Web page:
retty blue in Richmond over the reports of our victories; but as they are in direct telegraphic communication with the points at which the fighting took place, they were no doubt at the same time aware of our defeats, of which we have not learned till to-day; so probably they did not feel as badly as we imagined.
The general was not a man to waste any time over occurrences of the past; his first thoughts were always to redouble his efforts to take the initiative and overcome disaster by success.
Now that his cooperating armies had failed him, he determined upon still bolder movements on the part of the troops under his immediate direction.
As the weather was at this time more promising, his first act was to sit down at his field-desk and write an order providing for a general movement by the left flank toward Richmond, to begin the next night, May 19.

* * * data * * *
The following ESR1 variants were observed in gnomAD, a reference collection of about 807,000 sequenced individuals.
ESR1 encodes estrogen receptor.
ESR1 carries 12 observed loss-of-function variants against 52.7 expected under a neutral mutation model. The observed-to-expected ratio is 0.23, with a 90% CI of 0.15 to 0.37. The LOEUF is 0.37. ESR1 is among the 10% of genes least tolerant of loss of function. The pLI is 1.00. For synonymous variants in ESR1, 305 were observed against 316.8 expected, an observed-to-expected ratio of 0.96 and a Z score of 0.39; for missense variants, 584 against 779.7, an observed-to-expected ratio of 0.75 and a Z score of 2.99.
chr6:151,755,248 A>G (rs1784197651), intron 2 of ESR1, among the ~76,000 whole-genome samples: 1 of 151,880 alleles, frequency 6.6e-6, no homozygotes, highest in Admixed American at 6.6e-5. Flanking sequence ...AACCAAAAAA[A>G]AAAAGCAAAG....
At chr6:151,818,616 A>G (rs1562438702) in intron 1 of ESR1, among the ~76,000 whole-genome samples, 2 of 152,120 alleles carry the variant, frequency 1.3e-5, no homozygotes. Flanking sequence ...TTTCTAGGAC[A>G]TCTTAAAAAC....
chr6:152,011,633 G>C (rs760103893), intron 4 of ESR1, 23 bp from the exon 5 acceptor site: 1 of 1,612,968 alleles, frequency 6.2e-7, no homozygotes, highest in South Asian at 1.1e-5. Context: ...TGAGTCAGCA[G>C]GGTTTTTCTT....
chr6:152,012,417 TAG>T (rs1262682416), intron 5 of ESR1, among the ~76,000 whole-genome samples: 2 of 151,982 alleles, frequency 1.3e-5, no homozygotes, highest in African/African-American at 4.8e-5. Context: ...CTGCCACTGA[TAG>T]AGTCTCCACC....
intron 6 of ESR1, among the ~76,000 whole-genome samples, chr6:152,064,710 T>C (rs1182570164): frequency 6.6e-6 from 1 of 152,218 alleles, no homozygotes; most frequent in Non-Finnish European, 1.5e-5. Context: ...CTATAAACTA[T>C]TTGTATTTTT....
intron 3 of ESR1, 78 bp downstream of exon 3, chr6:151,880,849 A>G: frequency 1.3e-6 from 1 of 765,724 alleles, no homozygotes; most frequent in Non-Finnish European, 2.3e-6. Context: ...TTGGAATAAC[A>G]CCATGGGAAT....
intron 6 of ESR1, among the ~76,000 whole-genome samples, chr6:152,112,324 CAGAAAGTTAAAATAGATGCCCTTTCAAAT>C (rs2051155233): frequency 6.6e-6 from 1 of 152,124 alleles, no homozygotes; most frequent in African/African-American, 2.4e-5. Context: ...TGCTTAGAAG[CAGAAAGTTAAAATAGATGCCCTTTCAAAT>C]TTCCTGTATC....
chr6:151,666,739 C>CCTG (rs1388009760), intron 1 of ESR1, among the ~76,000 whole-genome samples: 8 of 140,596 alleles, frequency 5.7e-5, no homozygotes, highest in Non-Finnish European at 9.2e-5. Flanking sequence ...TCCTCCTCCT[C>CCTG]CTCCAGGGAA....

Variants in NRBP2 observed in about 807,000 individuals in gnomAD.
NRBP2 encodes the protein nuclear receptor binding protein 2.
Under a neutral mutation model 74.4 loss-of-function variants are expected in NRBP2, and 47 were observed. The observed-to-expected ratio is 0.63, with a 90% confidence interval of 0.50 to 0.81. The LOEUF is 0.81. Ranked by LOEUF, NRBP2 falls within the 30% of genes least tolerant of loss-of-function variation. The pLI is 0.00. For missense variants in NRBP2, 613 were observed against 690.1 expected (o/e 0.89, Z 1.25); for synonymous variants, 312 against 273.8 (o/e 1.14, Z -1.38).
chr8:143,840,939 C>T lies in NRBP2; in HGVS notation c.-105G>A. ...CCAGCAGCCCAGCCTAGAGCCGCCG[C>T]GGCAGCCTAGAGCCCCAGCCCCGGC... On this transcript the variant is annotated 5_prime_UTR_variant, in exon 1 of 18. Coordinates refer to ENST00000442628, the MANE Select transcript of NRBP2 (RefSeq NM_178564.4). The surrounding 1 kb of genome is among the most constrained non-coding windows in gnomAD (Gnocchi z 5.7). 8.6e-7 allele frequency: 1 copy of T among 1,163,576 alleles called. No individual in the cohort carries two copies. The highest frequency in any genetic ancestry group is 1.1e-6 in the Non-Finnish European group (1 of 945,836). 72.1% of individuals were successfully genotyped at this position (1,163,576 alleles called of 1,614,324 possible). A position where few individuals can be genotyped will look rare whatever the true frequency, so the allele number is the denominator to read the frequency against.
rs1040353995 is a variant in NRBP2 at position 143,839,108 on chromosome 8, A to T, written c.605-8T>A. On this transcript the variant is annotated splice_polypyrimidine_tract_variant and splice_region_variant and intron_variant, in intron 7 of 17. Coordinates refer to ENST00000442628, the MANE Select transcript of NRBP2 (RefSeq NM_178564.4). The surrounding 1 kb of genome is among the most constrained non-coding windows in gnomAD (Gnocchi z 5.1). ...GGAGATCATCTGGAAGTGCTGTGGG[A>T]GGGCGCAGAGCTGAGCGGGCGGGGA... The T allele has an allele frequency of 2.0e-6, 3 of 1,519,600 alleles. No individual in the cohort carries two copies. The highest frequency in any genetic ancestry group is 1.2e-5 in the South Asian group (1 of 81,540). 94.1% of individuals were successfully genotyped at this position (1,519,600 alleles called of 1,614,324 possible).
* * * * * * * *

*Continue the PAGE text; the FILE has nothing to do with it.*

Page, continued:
He then sent to Washington asking the cooperation of the navy in changing our base of supplies to Port Royal on the Rappahannock.
Grant and the Virginia lady
a race for the North Anna
a noonday halt at Mrs. Tyler's
The fact that a change had been made in the position of our troops, and that Hancock's corps had been withdrawn from our front and placed in rear of our center, evidently made Lee suspect that some movement was afoot, and he determined to send General Ewell's corps to try to turn our light, and to put Early in readiness to cooperate in the movement if it should promise success.
In the afternoon of May 19, a little after five o'clock, I was taking a nap in my tent, to try to make up for the sleep lost the night before.
Aides-de-camp in this campaign were usually engaged in riding back and forth during the night between headquarters and the different commands, communicating instructions for the next day, and had to catch their sleep in instalments.
I was suddenly awakened by my colored servant crying out to me: Wake up, sah, fo‘ God's sake!
De whole ob Lee's army am in our reah!
He was in